Gov. Gregoire agrees to pay 85 percent of state workers' health-care premiums
In a surprise move, Gov. Chris Gregoire has agreed to pay 85 percent of health-care premium costs for state workers in the next two-year budget.
Seattle Times Olympia bureau
Share of health-care premiums now paid by state workers
What the state wanted them to pay
What they will pay under deal reached this week
OLYMPIA — Gov. Chris Gregoire told state workers for months that they'd have to pay a bigger share of health-care costs — equal to 26 percent of their health-insurance premiums — because of a looming multibillion-dollar budget shortfall.
That all changed when Gregoire's office agreed this week to have workers pay 15 percent of health-care premium costs, with the state picking up the other 85 percent in the next two-year budget. The state currently pays 88 percent of the premium, and state workers pay 12 percent.
Under the tentative agreement, the increase in the workers' share of the premium in 2012 would result in about a $27-a-month increase in costs for the average employee that year, according to the governor's office.
There would be no increase in out-of-pocket costs for workers in the Uniform Medical Plan, which covers more than half of state workers.
"Considering where we started in August, where they wanted our members to go from 12 percent to a 26 percent share of premiums, it was a substantial movement," said Tim Welch, a spokesman for the Washington Federation of State Employees, which represents about 40,000 state workers. "We're glad to have done that, but we're not happy to have our members sacrifice even more."
He noted workers haven't received cost-of-living increases for a couple of years, the Legislature made changes to health benefits last year that forced higher co-pays and deductibles, employees have been laid off and many have had their pay cut through furloughs.
There's likely more to come, given that the state faces a $1.1 billion shortfall in the current fiscal year, which ends in June, and a $5.7 billion gap in the next budget cycle.
"The other shoe hasn't dropped. Next week, we expect the governor to come to the table with proposals for wage cutbacks," Welch said. "When you put it all together in a package, the health-care settlement we got is reasonable."
State Sen. Joe Zarelli, the ranking Republican on the Senate Ways and Means Committee, feels differently. "I think it's not a smart way to do business in terms of controlling costs," he said of the health-care agreement. "I don't know what their thinking is."
The agreement, reached Thursday afternoon, has to be incorporated into the overall union contract, which is still under negotiation, and then ratified by the union. The Legislature also would have to approve funding for the contract.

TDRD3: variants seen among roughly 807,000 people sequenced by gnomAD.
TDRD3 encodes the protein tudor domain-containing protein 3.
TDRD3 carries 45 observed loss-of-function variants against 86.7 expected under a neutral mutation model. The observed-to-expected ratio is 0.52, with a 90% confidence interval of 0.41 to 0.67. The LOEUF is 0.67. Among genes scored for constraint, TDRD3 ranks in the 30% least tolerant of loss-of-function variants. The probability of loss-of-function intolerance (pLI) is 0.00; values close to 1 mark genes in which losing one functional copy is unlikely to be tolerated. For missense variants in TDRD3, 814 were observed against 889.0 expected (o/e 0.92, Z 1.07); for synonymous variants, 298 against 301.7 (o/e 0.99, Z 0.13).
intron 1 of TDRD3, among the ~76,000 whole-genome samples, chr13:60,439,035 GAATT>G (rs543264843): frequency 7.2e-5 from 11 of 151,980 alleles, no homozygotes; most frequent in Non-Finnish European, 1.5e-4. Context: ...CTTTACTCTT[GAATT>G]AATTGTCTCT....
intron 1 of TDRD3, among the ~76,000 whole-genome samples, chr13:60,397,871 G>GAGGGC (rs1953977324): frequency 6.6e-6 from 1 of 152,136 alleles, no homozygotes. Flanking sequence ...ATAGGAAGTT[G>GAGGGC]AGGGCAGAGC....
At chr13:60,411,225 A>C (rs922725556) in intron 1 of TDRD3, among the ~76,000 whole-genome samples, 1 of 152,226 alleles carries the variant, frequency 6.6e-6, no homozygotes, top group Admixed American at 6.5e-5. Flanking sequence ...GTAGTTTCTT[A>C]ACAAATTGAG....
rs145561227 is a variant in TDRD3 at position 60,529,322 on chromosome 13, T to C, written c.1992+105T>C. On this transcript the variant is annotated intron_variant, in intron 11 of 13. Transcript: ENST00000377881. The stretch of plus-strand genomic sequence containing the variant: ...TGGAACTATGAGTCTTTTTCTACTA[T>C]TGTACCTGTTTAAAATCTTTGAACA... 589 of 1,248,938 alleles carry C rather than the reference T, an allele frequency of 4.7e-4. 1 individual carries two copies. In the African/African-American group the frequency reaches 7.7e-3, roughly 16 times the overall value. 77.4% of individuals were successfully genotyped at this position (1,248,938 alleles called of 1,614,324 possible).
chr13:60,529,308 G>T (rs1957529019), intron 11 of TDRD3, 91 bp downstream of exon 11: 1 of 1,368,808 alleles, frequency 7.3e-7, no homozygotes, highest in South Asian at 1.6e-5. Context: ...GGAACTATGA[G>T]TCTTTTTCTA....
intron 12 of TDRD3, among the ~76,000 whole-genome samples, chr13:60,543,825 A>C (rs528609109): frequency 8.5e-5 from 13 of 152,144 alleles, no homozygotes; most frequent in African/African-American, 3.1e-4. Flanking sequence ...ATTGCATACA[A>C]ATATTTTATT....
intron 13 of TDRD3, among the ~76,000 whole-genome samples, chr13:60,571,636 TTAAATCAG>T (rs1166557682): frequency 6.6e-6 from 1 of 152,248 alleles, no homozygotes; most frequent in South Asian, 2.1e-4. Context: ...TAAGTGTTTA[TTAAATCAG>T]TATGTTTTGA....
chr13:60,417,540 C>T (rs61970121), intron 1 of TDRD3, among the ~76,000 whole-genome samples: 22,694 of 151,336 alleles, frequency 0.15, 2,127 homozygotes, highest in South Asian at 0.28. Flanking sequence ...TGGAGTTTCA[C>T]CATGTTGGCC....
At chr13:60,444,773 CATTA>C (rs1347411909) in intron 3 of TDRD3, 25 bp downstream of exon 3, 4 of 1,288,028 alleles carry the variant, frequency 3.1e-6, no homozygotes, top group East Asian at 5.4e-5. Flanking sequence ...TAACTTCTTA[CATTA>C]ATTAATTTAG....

If the deal goes through as is, the premium changes would take place Jan. 1, 2012, and would likely cover more than 100,000 state employees, both union and nonunion.
The governor's office said the tentative agreement would keep the state's cost to provide employee health care in the next two-year budget at around $1.2 billion, which is what the state expects to spend in the current budget cycle.
"That was our overall goal and we achieved that," said Glenn Kuper, a spokesman for the governor's budget office.
However, Zarelli, R-Ridgefield, noted that health-care costs for the state will actually increase. The governor's office, he said, is planning to draw down two health-care-related reserve accounts to make up the difference.
"This puts those reserve accounts in a very dangerous scenario in terms of the ability to cover unexpected costs," he said.
Kuper agreed that health-care costs are going up, but pointed out that part of the increase — about $55 million — would be covered by the boost in premiums paid by state workers. The rest would come from reserves.
The governor's office did not provide details Friday on how much health-care costs are projected to increase in the next two years. Her office also didn't provide information on the total amount of money that would be taken from the reserve accounts, although they say there would still be enough money to handle unexpected costs.
Kuper said the governor is comfortable with using money from reserves because recent research shows state workers are not using medical services as much as had been forecast.
"If less people are using it, it's less expensive for us to provide the coverage," Kuper said. "The models show usage leveling off, going down and so it's going to be a lot cheaper to provide the coverage than we thought."
In other words, the governor feels it's safe to draw down reserves because there's less of a chance they'll have to be tapped, he said.
Zarelli isn't so sure.
"It's a guess and a gamble. The whole downside is on the back of the taxpayer," he said.
Andrew Garber: 360-236-8266 or email@example.com
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